The other thought I have when I see stuff like this is that theatre technicians should be doing more of this wacky, fun stuff. We have the capability to design and build automated pieces. Perhaps not fully robotic or with as many axis of motion, but experimenting with fun, non-theatre specific ideas can free us from a rigid set of technical design constraints. Plus, having experimented with other technologies we can extrapolate the knowledge gained into more effective technical design solutions.

Thursday, January 15, 2009

M12 Hackzall

Milwaukee has a new tool out that would make a great shop tool. It's a battery operated sawzall. But even better than that is that it is shaped in a way that allows it to be easily handled and get into tight spaces. Its 11" long and with the battery it weighs 2.6 pounds.

You can check it out for yourself at:

Wednesday, January 14, 2009

Attic Dek

On tool monger, they posted a blog about Attic Dek; an open panel made for spanning joists to create a storage location or walkway. They claim they are lightweight, and are gray, with a thickness that suggests recycled materials. They support up to 250 pounds and come in 2 sizes- 16"x16" and 16" x 24".

The panels could be a reasonable choice for shop built storage or scenic pieces. At a price around $2 a square foot plus the ease of installation means that the total cost is very reasonable.

Tuesday, January 13, 2009

Google Ads for Non Profits

Google for non profits offers "Google Grants". This is part of their AdSense program, and if you qualify for a grant you will have an ad appear when the relevant key words are searched. Considering how much I surf the web to see whats going on in the theatres near me - I could see how a google ad could be useful!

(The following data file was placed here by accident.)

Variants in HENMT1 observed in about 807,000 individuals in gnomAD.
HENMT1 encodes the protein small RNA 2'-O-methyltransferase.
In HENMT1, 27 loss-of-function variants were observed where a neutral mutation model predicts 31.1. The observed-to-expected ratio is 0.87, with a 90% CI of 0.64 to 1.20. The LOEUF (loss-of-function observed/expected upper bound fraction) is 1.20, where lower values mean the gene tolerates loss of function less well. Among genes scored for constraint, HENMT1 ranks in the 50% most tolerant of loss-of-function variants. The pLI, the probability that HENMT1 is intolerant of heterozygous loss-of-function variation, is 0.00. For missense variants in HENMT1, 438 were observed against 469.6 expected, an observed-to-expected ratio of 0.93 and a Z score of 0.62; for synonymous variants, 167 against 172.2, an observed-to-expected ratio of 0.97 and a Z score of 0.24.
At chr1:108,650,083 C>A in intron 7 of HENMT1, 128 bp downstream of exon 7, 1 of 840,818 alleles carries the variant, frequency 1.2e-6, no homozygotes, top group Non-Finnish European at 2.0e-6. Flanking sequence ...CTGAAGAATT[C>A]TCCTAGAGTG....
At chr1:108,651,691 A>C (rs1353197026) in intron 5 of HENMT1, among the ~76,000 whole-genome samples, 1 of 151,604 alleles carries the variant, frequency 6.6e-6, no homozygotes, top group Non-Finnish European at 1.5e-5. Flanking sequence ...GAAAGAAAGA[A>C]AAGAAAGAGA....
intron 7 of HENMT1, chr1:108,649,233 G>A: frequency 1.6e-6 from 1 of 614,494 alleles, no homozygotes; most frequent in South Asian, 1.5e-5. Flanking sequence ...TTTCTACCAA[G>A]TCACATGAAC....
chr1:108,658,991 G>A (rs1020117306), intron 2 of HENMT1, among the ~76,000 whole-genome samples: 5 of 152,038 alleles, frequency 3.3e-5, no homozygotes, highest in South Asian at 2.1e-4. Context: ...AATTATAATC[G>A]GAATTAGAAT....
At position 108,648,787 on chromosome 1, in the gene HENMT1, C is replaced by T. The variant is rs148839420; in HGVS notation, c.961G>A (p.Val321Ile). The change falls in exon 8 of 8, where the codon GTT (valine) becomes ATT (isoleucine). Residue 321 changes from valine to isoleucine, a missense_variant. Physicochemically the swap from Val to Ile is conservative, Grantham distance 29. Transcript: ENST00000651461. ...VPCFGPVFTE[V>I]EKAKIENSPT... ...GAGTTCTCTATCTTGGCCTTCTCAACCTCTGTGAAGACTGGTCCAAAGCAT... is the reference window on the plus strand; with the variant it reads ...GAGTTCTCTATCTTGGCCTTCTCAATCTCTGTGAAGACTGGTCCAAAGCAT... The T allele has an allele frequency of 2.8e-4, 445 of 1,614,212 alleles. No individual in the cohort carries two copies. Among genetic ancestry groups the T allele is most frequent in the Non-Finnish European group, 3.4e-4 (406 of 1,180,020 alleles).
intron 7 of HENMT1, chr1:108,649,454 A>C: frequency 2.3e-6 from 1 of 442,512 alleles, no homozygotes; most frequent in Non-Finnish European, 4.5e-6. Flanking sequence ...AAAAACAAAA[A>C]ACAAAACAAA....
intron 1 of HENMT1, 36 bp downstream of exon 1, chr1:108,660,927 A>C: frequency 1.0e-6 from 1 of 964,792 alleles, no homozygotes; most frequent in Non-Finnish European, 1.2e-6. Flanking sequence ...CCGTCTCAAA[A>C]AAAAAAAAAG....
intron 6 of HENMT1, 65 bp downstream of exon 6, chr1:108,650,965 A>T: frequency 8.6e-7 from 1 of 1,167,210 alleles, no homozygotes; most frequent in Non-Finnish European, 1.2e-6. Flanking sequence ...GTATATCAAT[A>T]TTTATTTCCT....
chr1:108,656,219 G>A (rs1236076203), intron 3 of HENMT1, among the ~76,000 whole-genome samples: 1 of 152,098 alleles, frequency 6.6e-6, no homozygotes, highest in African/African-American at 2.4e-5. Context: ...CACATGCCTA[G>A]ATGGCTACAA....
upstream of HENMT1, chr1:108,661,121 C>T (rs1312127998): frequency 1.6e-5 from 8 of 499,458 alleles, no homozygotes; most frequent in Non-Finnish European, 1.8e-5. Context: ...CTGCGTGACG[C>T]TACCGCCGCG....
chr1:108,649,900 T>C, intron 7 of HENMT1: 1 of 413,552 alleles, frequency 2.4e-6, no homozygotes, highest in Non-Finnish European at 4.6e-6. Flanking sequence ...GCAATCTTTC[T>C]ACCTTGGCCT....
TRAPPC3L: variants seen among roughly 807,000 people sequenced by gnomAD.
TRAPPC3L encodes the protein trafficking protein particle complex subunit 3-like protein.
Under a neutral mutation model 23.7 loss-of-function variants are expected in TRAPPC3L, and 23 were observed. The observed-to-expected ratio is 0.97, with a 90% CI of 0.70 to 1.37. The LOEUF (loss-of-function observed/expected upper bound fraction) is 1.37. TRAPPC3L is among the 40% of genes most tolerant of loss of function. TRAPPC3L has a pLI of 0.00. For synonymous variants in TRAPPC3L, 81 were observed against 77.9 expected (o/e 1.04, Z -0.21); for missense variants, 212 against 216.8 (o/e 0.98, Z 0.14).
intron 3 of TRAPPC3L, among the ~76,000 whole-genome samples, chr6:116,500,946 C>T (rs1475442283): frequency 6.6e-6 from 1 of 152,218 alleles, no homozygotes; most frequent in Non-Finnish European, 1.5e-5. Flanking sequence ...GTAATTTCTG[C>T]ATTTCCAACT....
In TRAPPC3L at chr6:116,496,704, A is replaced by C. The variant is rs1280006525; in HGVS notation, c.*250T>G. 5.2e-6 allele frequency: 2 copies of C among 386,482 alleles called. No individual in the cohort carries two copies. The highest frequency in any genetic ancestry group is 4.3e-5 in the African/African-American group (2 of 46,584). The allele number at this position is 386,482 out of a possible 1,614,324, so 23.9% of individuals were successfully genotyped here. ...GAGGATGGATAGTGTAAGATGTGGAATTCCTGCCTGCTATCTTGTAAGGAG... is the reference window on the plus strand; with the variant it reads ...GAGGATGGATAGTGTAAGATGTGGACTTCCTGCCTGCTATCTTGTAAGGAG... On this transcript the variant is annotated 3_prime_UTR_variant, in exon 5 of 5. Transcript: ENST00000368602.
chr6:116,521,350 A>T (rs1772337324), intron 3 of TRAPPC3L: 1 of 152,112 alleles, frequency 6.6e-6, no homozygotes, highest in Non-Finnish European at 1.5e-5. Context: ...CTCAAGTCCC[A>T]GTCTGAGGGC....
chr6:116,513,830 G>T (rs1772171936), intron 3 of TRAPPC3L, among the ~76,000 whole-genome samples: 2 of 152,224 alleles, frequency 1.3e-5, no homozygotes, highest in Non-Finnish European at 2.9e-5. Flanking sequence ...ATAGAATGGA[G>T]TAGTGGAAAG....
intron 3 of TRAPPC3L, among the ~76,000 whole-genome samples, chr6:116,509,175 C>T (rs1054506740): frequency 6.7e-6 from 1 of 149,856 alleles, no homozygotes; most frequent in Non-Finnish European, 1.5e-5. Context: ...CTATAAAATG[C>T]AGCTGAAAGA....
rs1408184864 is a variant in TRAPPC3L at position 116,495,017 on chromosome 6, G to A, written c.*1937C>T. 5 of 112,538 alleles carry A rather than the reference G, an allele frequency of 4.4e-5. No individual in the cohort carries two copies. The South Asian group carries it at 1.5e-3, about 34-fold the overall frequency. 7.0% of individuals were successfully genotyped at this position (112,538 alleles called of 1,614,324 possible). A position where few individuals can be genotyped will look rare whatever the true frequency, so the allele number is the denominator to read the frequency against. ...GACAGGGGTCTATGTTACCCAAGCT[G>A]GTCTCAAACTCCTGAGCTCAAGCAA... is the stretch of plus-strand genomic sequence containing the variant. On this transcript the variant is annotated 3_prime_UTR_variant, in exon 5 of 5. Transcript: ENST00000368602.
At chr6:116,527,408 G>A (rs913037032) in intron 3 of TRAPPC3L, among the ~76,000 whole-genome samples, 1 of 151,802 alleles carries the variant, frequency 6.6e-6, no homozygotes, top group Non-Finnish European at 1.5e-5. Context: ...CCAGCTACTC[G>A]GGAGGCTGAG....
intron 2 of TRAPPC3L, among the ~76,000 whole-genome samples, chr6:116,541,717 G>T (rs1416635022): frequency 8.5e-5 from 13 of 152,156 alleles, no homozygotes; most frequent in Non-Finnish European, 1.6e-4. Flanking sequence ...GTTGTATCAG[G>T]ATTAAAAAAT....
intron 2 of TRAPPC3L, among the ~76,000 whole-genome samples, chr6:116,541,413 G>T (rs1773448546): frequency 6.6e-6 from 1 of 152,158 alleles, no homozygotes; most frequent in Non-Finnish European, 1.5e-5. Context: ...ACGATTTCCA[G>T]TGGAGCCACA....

Check it out at:

Monday, January 12, 2009


Every year at USITT there is a session on great free / open source software. This should make the list for 2009. I came across it while researching Ponoko -Inkscape is a vector based program similar to adobe illustrator or corel draw.

Friday, January 9, 2009

Custom Printed Fabric

Spoonflower ( offers custom printing on a quilting weight cotton. Its $18 a yard plus shipping, but you can buy a "fat quarter" and a sample swatch as well if you don't need the full yard (44" x 36"). At first I was ready to write this off- they only have one fabric type, can only print up to 3 yards at a time, and at $18 a yard I wasn't sure it was such a great deal. But that price isn't bad, especially for one-off runs in small sizes. They print at 150DPI, so it probably isn't photo quality, but it does seem unique. Something to keep in mind for a one of a kind prop or costume pieces - or even a textured wall-paper.

Thursday, January 8, 2009


I have been browsing through Ponoko. Ponoko is a craft centered site where you can get plans for making stuff, sell plans, or sell craft items. It is sort of a cross of a craft centered ebay and make magazine. There are some unique offerings:
An MDF wine rack:
A Pen catapult:
And a robot (from instructables, so there you go):

After browsing for a while, there is much more to the site than I first realized. You need to download their starter pack, then you can design an item, choose materials. They will cut / tool the pieces and send them to you. You can assemble and then make adjustments. The project can then be sold, if you want to others as a plan or kit. They have a range of acrylics, a few wood types, and some sheet metals, and they laser cut the pieces. I was guessing the laser cut for cost reasons, and since many patterns are very intricate.